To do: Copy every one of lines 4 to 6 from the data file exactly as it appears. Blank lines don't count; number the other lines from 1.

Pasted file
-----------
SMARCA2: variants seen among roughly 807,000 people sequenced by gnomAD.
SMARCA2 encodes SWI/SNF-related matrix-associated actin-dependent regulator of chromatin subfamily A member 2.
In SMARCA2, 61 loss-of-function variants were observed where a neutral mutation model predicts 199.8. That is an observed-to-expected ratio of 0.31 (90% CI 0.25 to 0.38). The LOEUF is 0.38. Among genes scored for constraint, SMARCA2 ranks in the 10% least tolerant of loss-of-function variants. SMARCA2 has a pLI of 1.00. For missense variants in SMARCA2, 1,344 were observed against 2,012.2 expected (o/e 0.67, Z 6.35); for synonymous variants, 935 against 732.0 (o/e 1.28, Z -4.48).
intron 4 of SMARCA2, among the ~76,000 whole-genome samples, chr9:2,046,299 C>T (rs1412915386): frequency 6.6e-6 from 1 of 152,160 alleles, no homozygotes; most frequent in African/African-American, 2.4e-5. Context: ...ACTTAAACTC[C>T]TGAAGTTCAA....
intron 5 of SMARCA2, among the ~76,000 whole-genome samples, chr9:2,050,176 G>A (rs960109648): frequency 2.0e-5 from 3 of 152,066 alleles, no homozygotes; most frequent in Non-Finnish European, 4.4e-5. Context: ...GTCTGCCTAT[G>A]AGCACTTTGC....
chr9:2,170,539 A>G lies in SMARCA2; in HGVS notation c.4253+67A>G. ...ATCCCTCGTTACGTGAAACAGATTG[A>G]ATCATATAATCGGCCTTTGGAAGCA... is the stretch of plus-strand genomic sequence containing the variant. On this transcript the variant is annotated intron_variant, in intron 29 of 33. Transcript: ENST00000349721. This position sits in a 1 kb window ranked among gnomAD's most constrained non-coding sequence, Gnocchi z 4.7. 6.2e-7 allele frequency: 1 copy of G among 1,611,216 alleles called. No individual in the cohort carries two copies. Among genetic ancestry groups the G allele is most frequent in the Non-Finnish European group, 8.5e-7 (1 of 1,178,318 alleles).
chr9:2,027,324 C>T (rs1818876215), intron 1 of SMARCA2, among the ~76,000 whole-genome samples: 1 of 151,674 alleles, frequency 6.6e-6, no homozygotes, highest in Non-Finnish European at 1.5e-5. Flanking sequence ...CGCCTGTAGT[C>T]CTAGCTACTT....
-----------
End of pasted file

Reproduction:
intron 4 of SMARCA2, among the ~76,000 whole-genome samples, chr9:2,046,299 C>T (rs1412915386): frequency 6.6e-6 from 1 of 152,160 alleles, no homozygotes; most frequent in African/African-American, 2.4e-5. Context: ...ACTTAAACTC[C>T]TGAAGTTCAA....
intron 5 of SMARCA2, among the ~76,000 whole-genome samples, chr9:2,050,176 G>A (rs960109648): frequency 2.0e-5 from 3 of 152,066 alleles, no homozygotes; most frequent in Non-Finnish European, 4.4e-5. Context: ...GTCTGCCTAT[G>A]AGCACTTTGC....
chr9:2,170,539 A>G lies in SMARCA2; in HGVS notation c.4253+67A>G. ...ATCCCTCGTTACGTGAAACAGATTG[A>G]ATCATATAATCGGCCTTTGGAAGCA... is the stretch of plus-strand genomic sequence containing the variant. On this transcript the variant is annotated intron_variant, in intron 29 of 33. Transcript: ENST00000349721. This position sits in a 1 kb window ranked among gnomAD's most constrained non-coding sequence, Gnocchi z 4.7. 6.2e-7 allele frequency: 1 copy of G among 1,611,216 alleles called. No individual in the cohort carries two copies. Among genetic ancestry groups the G allele is most frequent in the Non-Finnish European group, 8.5e-7 (1 of 1,178,318 alleles).